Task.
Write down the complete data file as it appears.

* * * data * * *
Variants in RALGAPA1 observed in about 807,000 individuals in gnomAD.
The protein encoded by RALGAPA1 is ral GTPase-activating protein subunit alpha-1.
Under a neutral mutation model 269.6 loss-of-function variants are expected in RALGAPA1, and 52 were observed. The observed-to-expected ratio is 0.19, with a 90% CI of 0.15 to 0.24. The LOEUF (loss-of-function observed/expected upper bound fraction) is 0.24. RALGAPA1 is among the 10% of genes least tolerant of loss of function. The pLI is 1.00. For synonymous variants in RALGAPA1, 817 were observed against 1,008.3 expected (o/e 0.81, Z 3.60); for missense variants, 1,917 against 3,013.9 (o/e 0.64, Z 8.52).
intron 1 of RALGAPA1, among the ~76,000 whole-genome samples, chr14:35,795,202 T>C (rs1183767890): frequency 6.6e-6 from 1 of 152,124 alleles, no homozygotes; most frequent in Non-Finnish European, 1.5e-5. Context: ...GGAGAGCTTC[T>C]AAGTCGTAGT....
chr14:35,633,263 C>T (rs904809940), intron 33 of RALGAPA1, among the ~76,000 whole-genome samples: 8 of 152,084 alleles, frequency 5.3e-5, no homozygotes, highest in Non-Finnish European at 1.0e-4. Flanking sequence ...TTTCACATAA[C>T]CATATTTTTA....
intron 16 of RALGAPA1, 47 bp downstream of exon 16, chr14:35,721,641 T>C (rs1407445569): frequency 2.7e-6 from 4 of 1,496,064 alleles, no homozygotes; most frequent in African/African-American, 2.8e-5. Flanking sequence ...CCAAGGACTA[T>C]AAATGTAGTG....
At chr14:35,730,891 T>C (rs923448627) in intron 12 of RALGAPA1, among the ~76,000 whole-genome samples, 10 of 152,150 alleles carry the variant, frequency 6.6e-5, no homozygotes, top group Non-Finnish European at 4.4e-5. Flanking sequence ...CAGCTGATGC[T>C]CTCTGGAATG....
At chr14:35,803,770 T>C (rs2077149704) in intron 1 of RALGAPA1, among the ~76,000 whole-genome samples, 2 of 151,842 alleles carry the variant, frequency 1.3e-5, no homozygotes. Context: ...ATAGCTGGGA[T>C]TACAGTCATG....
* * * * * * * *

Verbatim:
Variants in RALGAPA1 observed in about 807,000 individuals in gnomAD.
The protein encoded by RALGAPA1 is ral GTPase-activating protein subunit alpha-1.
Under a neutral mutation model 269.6 loss-of-function variants are expected in RALGAPA1, and 52 were observed. The observed-to-expected ratio is 0.19, with a 90% CI of 0.15 to 0.24. The LOEUF (loss-of-function observed/expected upper bound fraction) is 0.24. RALGAPA1 is among the 10% of genes least tolerant of loss of function. The pLI is 1.00. For synonymous variants in RALGAPA1, 817 were observed against 1,008.3 expected (o/e 0.81, Z 3.60); for missense variants, 1,917 against 3,013.9 (o/e 0.64, Z 8.52).
intron 1 of RALGAPA1, among the ~76,000 whole-genome samples, chr14:35,795,202 T>C (rs1183767890): frequency 6.6e-6 from 1 of 152,124 alleles, no homozygotes; most frequent in Non-Finnish European, 1.5e-5. Context: ...GGAGAGCTTC[T>C]AAGTCGTAGT....
chr14:35,633,263 C>T (rs904809940), intron 33 of RALGAPA1, among the ~76,000 whole-genome samples: 8 of 152,084 alleles, frequency 5.3e-5, no homozygotes, highest in Non-Finnish European at 1.0e-4. Flanking sequence ...TTTCACATAA[C>T]CATATTTTTA....
intron 16 of RALGAPA1, 47 bp downstream of exon 16, chr14:35,721,641 T>C (rs1407445569): frequency 2.7e-6 from 4 of 1,496,064 alleles, no homozygotes; most frequent in African/African-American, 2.8e-5. Flanking sequence ...CCAAGGACTA[T>C]AAATGTAGTG....
At chr14:35,730,891 T>C (rs923448627) in intron 12 of RALGAPA1, among the ~76,000 whole-genome samples, 10 of 152,150 alleles carry the variant, frequency 6.6e-5, no homozygotes, top group Non-Finnish European at 4.4e-5. Flanking sequence ...CAGCTGATGC[T>C]CTCTGGAATG....
At chr14:35,803,770 T>C (rs2077149704) in intron 1 of RALGAPA1, among the ~76,000 whole-genome samples, 2 of 151,842 alleles carry the variant, frequency 1.3e-5, no homozygotes. Context: ...ATAGCTGGGA[T>C]TACAGTCATG....